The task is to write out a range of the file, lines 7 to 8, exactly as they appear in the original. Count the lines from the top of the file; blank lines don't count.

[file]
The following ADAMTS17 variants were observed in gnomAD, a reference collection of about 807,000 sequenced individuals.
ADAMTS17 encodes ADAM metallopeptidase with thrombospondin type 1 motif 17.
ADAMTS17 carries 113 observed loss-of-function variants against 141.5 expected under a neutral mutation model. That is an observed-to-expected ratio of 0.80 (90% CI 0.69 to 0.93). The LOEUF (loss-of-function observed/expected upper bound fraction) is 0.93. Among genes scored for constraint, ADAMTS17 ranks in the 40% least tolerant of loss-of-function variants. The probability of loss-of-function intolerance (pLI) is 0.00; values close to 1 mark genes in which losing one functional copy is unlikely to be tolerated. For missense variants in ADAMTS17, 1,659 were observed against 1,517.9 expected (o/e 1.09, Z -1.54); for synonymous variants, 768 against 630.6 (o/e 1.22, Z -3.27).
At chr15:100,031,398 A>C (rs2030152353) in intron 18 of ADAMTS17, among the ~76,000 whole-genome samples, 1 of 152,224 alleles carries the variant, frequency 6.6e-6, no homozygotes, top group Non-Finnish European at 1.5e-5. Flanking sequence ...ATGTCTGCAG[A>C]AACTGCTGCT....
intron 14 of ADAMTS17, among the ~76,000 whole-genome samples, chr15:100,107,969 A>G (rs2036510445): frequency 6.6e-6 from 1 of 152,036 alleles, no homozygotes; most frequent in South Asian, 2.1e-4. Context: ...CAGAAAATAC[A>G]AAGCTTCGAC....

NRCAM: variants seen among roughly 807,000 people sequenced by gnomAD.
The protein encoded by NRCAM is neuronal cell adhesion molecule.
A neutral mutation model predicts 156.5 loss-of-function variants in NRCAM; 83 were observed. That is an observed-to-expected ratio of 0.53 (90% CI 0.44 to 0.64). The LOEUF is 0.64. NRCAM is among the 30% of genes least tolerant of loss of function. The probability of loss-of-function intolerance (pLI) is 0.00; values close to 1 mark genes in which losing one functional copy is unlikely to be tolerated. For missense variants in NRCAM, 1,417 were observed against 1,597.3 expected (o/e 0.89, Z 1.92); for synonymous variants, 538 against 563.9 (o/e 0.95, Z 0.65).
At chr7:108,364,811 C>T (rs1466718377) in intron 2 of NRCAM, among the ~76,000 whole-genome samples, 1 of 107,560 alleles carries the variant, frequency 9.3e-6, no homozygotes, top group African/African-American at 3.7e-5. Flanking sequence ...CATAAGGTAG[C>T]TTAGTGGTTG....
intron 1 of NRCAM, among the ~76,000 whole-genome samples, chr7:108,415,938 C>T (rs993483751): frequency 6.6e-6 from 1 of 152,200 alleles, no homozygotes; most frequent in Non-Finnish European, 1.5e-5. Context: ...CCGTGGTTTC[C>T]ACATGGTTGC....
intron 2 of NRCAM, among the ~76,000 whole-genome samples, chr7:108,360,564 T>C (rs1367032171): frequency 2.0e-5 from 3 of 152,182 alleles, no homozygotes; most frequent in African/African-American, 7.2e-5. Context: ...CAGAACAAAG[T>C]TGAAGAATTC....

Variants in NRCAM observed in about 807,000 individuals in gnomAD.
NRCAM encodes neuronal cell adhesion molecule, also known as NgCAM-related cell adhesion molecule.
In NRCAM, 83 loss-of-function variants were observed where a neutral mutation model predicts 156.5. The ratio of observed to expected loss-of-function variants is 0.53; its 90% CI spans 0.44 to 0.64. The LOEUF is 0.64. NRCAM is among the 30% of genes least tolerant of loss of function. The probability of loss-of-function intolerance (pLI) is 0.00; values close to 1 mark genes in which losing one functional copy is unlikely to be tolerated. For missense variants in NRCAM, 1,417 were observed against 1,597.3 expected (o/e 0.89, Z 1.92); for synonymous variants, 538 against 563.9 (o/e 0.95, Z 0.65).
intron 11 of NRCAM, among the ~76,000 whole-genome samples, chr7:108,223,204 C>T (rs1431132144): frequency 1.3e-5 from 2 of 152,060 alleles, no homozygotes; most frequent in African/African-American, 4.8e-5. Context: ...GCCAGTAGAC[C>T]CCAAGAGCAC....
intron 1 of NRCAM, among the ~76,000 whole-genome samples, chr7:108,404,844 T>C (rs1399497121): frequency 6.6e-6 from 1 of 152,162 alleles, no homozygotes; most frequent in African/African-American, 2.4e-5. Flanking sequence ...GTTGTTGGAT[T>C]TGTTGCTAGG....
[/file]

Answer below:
The protein encoded by NRCAM is neuronal cell adhesion molecule.
A neutral mutation model predicts 156.5 loss-of-function variants in NRCAM; 83 were observed. That is an observed-to-expected ratio of 0.53 (90% CI 0.44 to 0.64). The LOEUF is 0.64. NRCAM is among the 30% of genes least tolerant of loss of function. The probability of loss-of-function intolerance (pLI) is 0.00; values close to 1 mark genes in which losing one functional copy is unlikely to be tolerated. For missense variants in NRCAM, 1,417 were observed against 1,597.3 expected (o/e 0.89, Z 1.92); for synonymous variants, 538 against 563.9 (o/e 0.95, Z 0.65).